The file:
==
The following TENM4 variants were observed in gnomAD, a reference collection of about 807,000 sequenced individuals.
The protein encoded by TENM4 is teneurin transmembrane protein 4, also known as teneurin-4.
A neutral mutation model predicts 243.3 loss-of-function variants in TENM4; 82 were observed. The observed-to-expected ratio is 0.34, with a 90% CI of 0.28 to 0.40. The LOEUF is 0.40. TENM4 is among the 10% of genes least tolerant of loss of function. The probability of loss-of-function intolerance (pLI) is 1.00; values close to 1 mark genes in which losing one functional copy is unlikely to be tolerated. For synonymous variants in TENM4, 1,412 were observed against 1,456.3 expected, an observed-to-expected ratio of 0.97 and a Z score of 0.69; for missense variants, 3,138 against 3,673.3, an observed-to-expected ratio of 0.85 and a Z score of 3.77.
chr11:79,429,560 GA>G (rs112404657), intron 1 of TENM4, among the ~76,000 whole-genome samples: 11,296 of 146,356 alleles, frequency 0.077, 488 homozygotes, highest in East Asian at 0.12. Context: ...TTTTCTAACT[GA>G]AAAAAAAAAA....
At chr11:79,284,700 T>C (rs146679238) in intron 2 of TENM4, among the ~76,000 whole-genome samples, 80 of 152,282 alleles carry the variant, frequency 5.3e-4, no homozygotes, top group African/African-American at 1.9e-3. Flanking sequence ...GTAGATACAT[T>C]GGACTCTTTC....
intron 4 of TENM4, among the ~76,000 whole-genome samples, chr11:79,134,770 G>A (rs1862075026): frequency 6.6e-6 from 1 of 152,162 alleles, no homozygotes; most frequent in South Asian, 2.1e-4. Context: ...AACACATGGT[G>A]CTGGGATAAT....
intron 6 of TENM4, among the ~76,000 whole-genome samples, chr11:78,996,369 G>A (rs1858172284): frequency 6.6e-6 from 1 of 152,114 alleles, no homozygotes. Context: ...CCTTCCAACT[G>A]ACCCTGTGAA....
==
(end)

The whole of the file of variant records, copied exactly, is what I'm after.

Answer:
The following TENM4 variants were observed in gnomAD, a reference collection of about 807,000 sequenced individuals.
The protein encoded by TENM4 is teneurin transmembrane protein 4, also known as teneurin-4.
A neutral mutation model predicts 243.3 loss-of-function variants in TENM4; 82 were observed. The observed-to-expected ratio is 0.34, with a 90% CI of 0.28 to 0.40. The LOEUF is 0.40. TENM4 is among the 10% of genes least tolerant of loss of function. The probability of loss-of-function intolerance (pLI) is 1.00; values close to 1 mark genes in which losing one functional copy is unlikely to be tolerated. For synonymous variants in TENM4, 1,412 were observed against 1,456.3 expected, an observed-to-expected ratio of 0.97 and a Z score of 0.69; for missense variants, 3,138 against 3,673.3, an observed-to-expected ratio of 0.85 and a Z score of 3.77.
chr11:79,429,560 GA>G (rs112404657), intron 1 of TENM4, among the ~76,000 whole-genome samples: 11,296 of 146,356 alleles, frequency 0.077, 488 homozygotes, highest in East Asian at 0.12. Context: ...TTTTCTAACT[GA>G]AAAAAAAAAA....
At chr11:79,284,700 T>C (rs146679238) in intron 2 of TENM4, among the ~76,000 whole-genome samples, 80 of 152,282 alleles carry the variant, frequency 5.3e-4, no homozygotes, top group African/African-American at 1.9e-3. Flanking sequence ...GTAGATACAT[T>C]GGACTCTTTC....
intron 4 of TENM4, among the ~76,000 whole-genome samples, chr11:79,134,770 G>A (rs1862075026): frequency 6.6e-6 from 1 of 152,162 alleles, no homozygotes; most frequent in South Asian, 2.1e-4. Context: ...AACACATGGT[G>A]CTGGGATAAT....
intron 6 of TENM4, among the ~76,000 whole-genome samples, chr11:78,996,369 G>A (rs1858172284): frequency 6.6e-6 from 1 of 152,114 alleles, no homozygotes. Context: ...CCTTCCAACT[G>A]ACCCTGTGAA....